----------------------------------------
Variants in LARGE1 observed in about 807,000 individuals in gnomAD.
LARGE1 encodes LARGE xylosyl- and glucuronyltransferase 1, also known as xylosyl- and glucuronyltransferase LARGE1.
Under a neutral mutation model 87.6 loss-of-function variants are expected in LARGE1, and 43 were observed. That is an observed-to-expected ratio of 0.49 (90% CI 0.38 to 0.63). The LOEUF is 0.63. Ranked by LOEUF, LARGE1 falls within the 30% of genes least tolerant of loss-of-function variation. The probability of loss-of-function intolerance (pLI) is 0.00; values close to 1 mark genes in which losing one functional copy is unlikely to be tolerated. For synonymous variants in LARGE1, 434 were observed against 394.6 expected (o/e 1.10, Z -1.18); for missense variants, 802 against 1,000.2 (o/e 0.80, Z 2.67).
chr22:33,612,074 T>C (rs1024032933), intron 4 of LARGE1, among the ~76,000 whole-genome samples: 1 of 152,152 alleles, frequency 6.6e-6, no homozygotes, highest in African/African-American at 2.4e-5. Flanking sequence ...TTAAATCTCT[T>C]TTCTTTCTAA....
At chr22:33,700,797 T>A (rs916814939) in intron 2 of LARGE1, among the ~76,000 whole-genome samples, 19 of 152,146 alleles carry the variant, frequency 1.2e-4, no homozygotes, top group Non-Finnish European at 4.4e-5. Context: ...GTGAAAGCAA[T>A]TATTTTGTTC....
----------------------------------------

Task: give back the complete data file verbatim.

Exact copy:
Variants in LARGE1 observed in about 807,000 individuals in gnomAD.
LARGE1 encodes LARGE xylosyl- and glucuronyltransferase 1, also known as xylosyl- and glucuronyltransferase LARGE1.
Under a neutral mutation model 87.6 loss-of-function variants are expected in LARGE1, and 43 were observed. That is an observed-to-expected ratio of 0.49 (90% CI 0.38 to 0.63). The LOEUF is 0.63. Ranked by LOEUF, LARGE1 falls within the 30% of genes least tolerant of loss-of-function variation. The probability of loss-of-function intolerance (pLI) is 0.00; values close to 1 mark genes in which losing one functional copy is unlikely to be tolerated. For synonymous variants in LARGE1, 434 were observed against 394.6 expected (o/e 1.10, Z -1.18); for missense variants, 802 against 1,000.2 (o/e 0.80, Z 2.67).
chr22:33,612,074 T>C (rs1024032933), intron 4 of LARGE1, among the ~76,000 whole-genome samples: 1 of 152,152 alleles, frequency 6.6e-6, no homozygotes, highest in African/African-American at 2.4e-5. Flanking sequence ...TTAAATCTCT[T>C]TTCTTTCTAA....
At chr22:33,700,797 T>A (rs916814939) in intron 2 of LARGE1, among the ~76,000 whole-genome samples, 19 of 152,146 alleles carry the variant, frequency 1.2e-4, no homozygotes, top group Non-Finnish European at 4.4e-5. Context: ...GTGAAAGCAA[T>A]TATTTTGTTC....